7. "Not totally sold" is a tad worrying - I reckon you'd need a minimum of 14 sections to run this to maximum effect with DC cab control. Which would require retro-fitting a lot more of those IRJs that you dislike so much …... and the associated wiring and switchery. Going through this exercise with you has made me seriously consider DCC for my last great project, though I've always said I wouldn't …… and I am quite sure I would contract out the conversion of my loco stable if I did go that way.
  8. Blimey - I didn't know you had that other thread running until just now, and having gone and skim-read some of it I'm so glad about that! You got so much contradictory "advice" in the first few pages I'm surprised you didn't ditch the lot and take up golf …….. I won't be making inputs with regard to DCC issues as I've no experience with DCC operation, but will keep half an eye open as some of the comments about wiring, etc., look pretty dubious, or possibly irrelevant given the way you're going. Happy New Year!! Cheers, Chris
  9. I'm guessing, but if the space below the raised floor was for point rodding and signal wires, it presumably wouldn't be required with the box sitting on an already raised platform …….
  10. Realising the operational possibilities without much swearing and cursing is very reliant on reliable uncoupling, in the goods yard and the platform roads! Fingers are firmly crossed on Julian's behalf …. I would have liked to crowbar in one loop on each main line, outside the scenic area, to disguise the tailchasing aspect a bit, but couldn't see how.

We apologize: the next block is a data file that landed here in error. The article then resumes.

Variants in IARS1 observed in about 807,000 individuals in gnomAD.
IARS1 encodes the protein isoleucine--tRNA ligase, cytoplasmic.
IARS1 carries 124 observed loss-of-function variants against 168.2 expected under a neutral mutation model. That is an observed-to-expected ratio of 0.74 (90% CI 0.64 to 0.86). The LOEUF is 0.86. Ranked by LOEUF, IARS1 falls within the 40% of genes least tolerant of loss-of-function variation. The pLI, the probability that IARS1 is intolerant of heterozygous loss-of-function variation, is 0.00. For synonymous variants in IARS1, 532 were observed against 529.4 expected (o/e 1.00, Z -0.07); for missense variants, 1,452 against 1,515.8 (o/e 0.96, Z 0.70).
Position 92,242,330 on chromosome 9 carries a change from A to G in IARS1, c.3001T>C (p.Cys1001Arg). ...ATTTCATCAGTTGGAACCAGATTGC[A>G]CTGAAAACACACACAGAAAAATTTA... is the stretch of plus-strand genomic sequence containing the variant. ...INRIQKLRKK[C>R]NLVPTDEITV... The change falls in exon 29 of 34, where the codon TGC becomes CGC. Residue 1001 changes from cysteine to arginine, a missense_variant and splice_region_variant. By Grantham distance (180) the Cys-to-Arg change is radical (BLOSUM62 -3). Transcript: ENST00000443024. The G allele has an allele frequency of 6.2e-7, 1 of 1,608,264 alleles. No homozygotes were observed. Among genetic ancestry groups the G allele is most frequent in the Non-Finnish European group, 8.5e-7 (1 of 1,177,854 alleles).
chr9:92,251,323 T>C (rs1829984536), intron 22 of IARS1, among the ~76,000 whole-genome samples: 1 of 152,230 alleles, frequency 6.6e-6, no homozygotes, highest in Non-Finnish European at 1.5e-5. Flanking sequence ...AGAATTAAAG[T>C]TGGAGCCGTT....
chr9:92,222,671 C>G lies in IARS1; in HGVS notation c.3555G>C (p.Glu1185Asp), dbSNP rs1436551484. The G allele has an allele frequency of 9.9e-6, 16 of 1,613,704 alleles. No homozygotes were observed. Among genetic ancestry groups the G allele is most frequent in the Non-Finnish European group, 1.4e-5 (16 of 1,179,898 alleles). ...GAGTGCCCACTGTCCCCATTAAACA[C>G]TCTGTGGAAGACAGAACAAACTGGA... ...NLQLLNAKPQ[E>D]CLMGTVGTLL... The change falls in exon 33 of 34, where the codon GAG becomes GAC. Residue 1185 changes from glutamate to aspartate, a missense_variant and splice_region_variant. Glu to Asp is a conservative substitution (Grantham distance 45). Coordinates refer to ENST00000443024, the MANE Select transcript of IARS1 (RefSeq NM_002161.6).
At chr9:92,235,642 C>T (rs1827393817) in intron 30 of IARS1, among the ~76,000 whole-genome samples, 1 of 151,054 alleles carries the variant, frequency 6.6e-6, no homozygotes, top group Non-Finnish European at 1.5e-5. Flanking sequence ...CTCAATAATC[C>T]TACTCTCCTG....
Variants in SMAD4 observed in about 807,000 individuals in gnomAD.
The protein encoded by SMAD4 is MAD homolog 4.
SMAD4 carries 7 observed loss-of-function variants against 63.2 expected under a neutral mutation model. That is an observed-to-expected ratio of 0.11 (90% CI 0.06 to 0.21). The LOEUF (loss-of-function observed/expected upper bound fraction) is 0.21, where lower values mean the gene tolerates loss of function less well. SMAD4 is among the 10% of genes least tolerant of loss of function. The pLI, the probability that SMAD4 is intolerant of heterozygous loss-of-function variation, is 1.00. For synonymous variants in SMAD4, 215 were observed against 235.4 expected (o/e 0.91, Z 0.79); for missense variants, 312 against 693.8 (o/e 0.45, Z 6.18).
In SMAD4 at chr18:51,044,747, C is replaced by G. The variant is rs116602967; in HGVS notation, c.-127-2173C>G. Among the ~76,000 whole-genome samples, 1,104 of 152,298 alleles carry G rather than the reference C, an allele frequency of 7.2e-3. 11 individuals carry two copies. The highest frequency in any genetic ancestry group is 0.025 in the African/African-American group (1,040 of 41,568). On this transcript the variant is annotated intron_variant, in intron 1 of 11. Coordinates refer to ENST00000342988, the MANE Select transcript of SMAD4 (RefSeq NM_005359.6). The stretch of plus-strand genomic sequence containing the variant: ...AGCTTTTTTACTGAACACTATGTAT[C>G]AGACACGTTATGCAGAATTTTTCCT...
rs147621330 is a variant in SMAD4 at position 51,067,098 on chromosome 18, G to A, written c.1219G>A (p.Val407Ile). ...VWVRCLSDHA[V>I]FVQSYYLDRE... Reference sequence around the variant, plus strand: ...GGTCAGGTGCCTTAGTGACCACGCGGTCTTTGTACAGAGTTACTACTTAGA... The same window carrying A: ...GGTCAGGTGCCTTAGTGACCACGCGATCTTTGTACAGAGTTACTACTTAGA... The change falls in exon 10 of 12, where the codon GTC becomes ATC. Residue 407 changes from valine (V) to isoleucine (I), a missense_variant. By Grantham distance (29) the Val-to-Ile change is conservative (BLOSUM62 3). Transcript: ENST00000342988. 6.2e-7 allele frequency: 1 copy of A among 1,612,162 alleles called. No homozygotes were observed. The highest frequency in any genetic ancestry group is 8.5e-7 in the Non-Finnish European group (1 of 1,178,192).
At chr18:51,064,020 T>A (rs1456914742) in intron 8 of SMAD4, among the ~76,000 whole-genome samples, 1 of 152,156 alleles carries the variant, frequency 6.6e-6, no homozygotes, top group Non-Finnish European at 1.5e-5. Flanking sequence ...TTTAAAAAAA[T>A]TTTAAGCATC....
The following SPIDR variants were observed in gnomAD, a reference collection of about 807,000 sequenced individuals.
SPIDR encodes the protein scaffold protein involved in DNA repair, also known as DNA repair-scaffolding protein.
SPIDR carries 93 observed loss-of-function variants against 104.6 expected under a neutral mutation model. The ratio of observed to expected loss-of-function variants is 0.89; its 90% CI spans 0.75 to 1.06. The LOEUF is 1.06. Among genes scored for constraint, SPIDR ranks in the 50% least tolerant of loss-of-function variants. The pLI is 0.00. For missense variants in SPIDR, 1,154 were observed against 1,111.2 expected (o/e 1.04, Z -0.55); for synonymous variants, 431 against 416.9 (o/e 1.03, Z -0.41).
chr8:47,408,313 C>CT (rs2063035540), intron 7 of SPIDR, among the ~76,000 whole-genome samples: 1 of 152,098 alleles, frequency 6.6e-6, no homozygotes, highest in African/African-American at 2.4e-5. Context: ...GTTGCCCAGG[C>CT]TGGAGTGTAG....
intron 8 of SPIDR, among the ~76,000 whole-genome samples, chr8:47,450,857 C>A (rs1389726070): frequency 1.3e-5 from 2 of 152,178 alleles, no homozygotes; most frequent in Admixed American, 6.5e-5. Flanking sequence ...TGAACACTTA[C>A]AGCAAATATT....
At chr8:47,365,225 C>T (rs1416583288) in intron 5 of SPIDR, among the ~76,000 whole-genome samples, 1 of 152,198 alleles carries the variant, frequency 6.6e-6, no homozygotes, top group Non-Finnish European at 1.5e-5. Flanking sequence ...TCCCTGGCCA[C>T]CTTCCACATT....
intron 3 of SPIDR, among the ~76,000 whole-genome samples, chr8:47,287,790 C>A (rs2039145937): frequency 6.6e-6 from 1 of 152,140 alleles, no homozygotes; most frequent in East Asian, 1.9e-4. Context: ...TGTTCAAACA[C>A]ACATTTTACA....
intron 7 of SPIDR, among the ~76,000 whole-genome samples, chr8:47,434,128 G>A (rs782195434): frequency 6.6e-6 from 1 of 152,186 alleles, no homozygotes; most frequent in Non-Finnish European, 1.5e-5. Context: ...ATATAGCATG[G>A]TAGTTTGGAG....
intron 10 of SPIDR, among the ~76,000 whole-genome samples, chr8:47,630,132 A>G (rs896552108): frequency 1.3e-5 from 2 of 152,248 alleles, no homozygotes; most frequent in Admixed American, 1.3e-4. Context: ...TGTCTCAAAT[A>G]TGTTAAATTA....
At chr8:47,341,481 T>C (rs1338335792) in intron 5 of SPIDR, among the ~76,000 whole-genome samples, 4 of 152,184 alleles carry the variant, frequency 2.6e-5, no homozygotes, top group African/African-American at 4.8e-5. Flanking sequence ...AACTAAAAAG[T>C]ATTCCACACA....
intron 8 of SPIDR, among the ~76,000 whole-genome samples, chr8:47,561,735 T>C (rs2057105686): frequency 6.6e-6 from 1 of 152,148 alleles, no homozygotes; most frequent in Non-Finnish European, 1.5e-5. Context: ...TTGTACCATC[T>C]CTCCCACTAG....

11. You're flying here - I do so hope this works for you when it's finished, nobody (including me!) has ever built a significant layout to one of my plans before ….. By the way, you seem to have incorporated your last post in your signature block somehow …..
  12. Yes, I spotted the second diagram after I posted ….
  13. My initial thought and query was the same as David's - is the longer side actually around 11 feet (11 squares as drawn) or 9 (107 inches as stated)? It makes one hell of a difference …..
  14. If it were mine, it would be important to me that when viewing from track level or just above, from the operating well, you can't see trains on the tracks shown dotted on the plan. So the bits of main line you can see only turn though around 135 degrees from one scenic break to the other, and mostly on a 5' radius curve (there's a bit of 3' to the left of the left-hand throat). A double track main line visibly turning 90 degrees in 2'6" just has to look wrong. The view blocker behind the loco shed could just be a high wall, or perhaps a low-relief warehouse back as you suggested on one pic earlier, so you can see (standing up close) what's going on behind it when you need to, but otherwise preserve the illusion that the track to the left of the station carries on at the angle you last see it. If you're cute enough, the view over the top of the view blocker from the normal viewing height might just be the tops of the trees on the hill on the printed backscene. But different things are important to different people
  15. Ah right. When I have to use a 90 degree bend in a corner, I always try to have at least half of it tight and hidden (using settrack to avoid kinks), and the rest comparatively gentle and visible, rather than have the whole thing at a constant in-between radius. I just think it makes the visible bit less train-setty.